The little things accumulate. Encourage each other with smiles. Ask for a manager to commend an employee for a good job. Quit judging people for how they’re living their lives– because most people are doing the best that they can with what they have. Give credit where credit is due. Ask “how are you?” and really listen to that response. Affirm loved ones for who they are, not what they do. Show up for people. Show up for yourself. Quit making self-deprecating comments. Because you can’t build others up if you’re preoccupied with dismantling yourself.
To be clear: I am not just encouraging you to hype everyone up. I’m not challenging you to level up in a positivity culture. I ask that you not cover every gash in varnish because it’s gruesome to view. I ask that we not abandon each other in the grit. With goosebumped skin and bruised ego, let’s link arms when we’d rather let go. Because a valid and real component of building another person up is reminding them that they aren’t the sum of their weaknesses. Every trait is another neighborhood geographically essential to the self. We aren’t all white picket fences. There are side streets and alleyways in all of us that we’re trying to hide.
We are allowed to call each other out. That is how we grow. Love hums in all the tough conversations we brave because the words need to be heard. This, too, is a part of the construction. We build each other up with constructive feedback. We build each other up with person-first language: understanding that behaviors are problematic, our defaults aren’t always the healthiest, but maybe this is the only way to know how to be. The other end of this is receiving that feedback, and even when I don’t agree, it is worth hearing. Not every observation deserves validation. There are times when the words arrive, but I am unprepared to receive them. They stew for weeks or months or years, and then, I can taste them. I can palate what was said, and I grow bigger through the process. Avoidance yields no growth. Sparing someone difficult truths to maintain likability undermines the sincerity of a relationship. And any connection where you’re risking it to discuss your truths may not have been a real connection in the first place. Because we all deserve to grow and grow safely. Of all things, I hope you never tether yourself to anyone who’d sooner cut you down than watch you tower above them. You deserve a tribe who will seek the heights with you.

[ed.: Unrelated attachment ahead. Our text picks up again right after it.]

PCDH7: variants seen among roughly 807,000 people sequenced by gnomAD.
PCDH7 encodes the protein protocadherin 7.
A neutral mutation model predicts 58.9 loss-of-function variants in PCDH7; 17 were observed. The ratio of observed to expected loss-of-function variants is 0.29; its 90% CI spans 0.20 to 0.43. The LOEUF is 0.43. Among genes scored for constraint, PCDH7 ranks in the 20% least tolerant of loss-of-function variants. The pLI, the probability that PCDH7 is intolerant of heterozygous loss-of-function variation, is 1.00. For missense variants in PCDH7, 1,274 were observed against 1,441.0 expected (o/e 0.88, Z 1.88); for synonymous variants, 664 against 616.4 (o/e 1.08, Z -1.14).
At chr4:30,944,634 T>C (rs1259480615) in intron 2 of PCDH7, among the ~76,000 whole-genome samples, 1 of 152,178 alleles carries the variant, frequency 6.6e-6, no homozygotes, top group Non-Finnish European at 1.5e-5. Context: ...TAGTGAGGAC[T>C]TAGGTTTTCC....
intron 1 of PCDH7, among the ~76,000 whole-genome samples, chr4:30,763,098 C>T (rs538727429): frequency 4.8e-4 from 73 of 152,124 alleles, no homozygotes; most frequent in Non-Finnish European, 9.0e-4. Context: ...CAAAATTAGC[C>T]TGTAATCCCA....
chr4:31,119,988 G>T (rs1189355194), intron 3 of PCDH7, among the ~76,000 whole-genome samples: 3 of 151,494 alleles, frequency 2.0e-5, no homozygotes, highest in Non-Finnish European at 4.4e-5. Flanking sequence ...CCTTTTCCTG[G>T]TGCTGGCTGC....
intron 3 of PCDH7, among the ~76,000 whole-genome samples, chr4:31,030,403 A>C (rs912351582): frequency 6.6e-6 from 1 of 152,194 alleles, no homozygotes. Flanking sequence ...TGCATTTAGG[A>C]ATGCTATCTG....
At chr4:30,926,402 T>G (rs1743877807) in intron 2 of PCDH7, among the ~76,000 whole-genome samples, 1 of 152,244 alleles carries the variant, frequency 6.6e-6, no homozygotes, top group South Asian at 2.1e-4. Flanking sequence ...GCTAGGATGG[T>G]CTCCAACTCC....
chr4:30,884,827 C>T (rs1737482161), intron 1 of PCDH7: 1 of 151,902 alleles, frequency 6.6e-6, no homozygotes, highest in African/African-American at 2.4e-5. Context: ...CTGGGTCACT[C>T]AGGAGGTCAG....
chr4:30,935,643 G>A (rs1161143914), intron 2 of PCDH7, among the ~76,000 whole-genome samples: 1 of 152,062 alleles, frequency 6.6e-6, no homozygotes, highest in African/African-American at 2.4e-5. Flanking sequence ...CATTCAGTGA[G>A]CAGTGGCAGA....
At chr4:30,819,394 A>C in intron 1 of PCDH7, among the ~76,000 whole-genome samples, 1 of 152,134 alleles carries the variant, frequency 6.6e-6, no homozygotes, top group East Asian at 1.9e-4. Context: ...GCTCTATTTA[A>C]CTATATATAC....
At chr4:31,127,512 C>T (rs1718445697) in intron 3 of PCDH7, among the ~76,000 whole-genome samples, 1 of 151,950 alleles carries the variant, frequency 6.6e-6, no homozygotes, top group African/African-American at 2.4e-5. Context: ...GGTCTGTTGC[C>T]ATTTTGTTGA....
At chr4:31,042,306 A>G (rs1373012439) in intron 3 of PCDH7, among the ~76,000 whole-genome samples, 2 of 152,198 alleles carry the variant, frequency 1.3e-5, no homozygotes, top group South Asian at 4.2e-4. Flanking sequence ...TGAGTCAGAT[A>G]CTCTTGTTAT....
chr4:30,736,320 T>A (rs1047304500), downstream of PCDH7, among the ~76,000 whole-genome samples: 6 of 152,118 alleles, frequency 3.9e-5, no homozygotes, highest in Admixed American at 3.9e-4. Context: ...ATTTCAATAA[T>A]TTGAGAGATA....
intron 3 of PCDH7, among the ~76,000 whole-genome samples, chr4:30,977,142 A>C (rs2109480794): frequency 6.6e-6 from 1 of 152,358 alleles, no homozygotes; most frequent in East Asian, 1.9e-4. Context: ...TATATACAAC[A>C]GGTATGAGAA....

We are here to edify. There is enough room for everyone to sit at the table, and if there isn’t, I’ll join you cross-legged in the floor. Kindness doesn’t always come easy. When I’m stressed, anxious, depressed, lonely, angry— I feel entitled to meanness— like everyone should share my suffering. I’ve earned it, damn it! But when I hear myself, when the growls echo back to me, all the yelling sounds like hurt. I think an easy way to heal our own wounds is to not inflict them onto others. We bandage more easily when we know we’ve given better than what we got.
In the end, the job we do here is bigger than bills and jobs and the stuff you buy and social media. Our job as people is to connect deeply, inflict minimal harm, hold ourselves accountable, and vow to do better. We’re blessed to build each other up—- to build where we could break, exalt where we could exploit. Be the builder. With calloused hands and oversized heart, edify edify edify for no reward besides knowing that you made more of a metropolis than mess of this life.